As the ferry approached the dock at Port Townsend, a lone sloop was beating to windward. Gracefully tacking across our stern, the flag blue topside showed a mast of brightwork and a lapstrake hull. She was a wooden boat, and I knew I was home. Of all the yachts I have served as master, the only ones I have truly loved, sail or power, were double-planked with mahogany on oak frames. What is it about the romance of wooden boats that draws us to them? Walking along the dock, if you spy a yacht with varnished caprails so bright that your reflection goes deep into the wood, you will stand there and admire her lines and hope the owner didn't glass over the wood hull for expediency. Wood has been the consistent and reliable fabric of boats throughout history.
Trees were always an abundant source of raw material. Today, in the era of fiberglass, aluminum and steel hulls, we are searching for our past. As boat owners, we want to link our enjoyment of yachting with those who came before us. And one of those connections is through wood. As a boat-building material, wood fares best in the cold water of the Pacific Northwest, the Great Lakes and New England. Warm tropical sea water invites the teredo shipworm, which eats through wooden planks in much the same way that termites eat through the wooden foundation of a house in Key West. Therefore, it is not surprising that in the United States the crafting of wooden boats is kept alive at schools and museums about 40 degrees north latitude and above.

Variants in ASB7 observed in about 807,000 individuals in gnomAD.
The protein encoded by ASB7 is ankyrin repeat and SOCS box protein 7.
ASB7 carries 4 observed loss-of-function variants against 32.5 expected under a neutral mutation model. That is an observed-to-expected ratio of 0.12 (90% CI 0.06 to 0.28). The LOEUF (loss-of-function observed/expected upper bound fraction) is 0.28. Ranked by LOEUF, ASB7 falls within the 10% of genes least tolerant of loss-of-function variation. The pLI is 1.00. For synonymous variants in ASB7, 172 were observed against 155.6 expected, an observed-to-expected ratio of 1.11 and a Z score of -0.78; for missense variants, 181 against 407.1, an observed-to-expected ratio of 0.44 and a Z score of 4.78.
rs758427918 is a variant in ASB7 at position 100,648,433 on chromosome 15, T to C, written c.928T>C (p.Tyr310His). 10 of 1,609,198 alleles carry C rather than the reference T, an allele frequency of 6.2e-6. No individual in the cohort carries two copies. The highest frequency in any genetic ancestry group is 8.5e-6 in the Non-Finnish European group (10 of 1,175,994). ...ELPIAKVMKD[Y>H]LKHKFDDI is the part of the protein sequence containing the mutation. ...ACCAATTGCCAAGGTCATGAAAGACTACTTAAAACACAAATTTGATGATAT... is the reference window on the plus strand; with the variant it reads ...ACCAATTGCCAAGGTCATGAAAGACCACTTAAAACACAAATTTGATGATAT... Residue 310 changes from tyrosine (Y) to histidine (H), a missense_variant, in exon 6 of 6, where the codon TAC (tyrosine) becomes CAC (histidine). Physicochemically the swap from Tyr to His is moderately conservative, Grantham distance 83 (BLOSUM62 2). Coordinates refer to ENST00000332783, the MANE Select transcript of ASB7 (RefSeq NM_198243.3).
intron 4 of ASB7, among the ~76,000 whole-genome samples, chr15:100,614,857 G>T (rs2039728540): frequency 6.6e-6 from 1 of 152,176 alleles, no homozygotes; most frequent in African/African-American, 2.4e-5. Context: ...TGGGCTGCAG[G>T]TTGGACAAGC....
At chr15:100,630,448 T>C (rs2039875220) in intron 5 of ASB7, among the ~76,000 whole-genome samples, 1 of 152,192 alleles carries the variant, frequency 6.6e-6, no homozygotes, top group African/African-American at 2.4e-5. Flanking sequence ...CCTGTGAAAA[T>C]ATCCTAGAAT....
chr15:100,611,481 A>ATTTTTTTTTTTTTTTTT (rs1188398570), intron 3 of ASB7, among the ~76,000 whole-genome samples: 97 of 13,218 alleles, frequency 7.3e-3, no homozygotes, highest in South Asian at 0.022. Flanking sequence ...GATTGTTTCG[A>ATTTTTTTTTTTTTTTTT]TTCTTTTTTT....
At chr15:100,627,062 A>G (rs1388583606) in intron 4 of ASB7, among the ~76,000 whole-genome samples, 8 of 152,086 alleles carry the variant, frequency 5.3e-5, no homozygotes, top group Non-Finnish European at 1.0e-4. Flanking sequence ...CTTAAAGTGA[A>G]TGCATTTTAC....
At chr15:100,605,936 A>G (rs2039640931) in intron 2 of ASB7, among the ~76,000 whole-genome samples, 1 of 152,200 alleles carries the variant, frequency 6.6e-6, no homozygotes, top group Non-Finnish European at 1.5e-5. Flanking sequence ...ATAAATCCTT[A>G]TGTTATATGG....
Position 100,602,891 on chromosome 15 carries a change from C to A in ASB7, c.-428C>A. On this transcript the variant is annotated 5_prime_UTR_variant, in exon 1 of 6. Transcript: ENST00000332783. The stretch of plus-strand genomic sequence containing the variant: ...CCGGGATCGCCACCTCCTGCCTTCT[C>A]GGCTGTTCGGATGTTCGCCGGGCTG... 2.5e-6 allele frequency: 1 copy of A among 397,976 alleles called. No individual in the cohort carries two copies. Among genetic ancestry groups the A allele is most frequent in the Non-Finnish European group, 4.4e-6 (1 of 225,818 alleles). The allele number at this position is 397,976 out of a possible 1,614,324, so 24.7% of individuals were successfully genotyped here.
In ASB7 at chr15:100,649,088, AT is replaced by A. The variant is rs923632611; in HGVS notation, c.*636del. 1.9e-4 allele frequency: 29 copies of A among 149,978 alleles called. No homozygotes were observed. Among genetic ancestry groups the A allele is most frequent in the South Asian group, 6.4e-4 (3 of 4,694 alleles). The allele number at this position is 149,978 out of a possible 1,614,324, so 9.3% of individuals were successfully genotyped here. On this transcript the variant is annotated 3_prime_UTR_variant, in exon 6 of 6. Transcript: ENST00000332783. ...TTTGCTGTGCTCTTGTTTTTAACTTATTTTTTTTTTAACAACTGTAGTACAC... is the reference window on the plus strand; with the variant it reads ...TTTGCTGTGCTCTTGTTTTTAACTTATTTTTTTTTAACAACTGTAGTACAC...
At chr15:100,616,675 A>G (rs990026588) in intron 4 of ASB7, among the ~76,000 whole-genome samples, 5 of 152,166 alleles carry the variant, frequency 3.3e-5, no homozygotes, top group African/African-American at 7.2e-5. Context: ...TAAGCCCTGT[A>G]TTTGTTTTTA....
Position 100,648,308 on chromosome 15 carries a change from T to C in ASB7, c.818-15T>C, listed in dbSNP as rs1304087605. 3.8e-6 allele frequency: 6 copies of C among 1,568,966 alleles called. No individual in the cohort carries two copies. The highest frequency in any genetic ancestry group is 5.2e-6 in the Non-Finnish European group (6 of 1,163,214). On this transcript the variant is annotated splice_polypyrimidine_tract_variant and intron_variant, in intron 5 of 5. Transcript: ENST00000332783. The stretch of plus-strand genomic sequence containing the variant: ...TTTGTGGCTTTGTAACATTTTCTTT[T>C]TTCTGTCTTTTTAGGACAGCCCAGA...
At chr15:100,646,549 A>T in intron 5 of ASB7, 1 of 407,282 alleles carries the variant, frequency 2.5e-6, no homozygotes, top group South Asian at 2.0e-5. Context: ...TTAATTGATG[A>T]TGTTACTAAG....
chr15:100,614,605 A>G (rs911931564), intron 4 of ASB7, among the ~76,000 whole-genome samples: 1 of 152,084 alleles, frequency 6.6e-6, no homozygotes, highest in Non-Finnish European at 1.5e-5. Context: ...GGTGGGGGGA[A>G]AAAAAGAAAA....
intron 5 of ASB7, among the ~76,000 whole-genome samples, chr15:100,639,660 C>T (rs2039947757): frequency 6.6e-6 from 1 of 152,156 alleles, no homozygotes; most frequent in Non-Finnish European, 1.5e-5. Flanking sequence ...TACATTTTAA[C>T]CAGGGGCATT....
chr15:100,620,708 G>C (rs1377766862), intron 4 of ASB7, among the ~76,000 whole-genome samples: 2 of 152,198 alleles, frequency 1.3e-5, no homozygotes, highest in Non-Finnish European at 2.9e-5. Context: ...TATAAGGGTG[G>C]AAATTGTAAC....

How many of us have mused on the idea of putting aside our livelihoods to pursue the dream of becoming a shipwright? You can, and you should, even if for one class. Doing that allows you to join the proud tradition of mariners who went out to sea in wooden boats.
Northwest Maritime Center - Port Townsend, Washington (360-385-3628, nwmaritime.org)
The Northwest School of Wooden Boatbuilding - Port Hadlock, Washington (360-385-4948, nwboatschool.org)
Center for Wooden Boats - Seattle, Washington (206-382-2628, cwb.org)
Chesapeake Bay Maritime Museum - St. Michaels, Maryland (410-745-2916, cbmm.org)
International Yacht Restoration School - Newport, Rhode Island (401-848-5777, iyrs.edu)
WoodenBoat School - Brooklin, Maine (207-359-4651, woodenboat.com)
Capt. Jeff Werner has been in the yachting industry for over 25 years. In addition to working as a captain on private and charter yachts, both sail and power, he is a certified instructor for the USCG, US Sailing, RYA and the MCA. He is also the Diesel Doctor, helping to keep your yacht's fuel in optimal condition for peak performance. For more information, call 239-246-6810, or visit MyDieselDoctor.com. All Marinalife members receive a 10% discount on purchases of equipment, products and supplies from Diesel Doctor.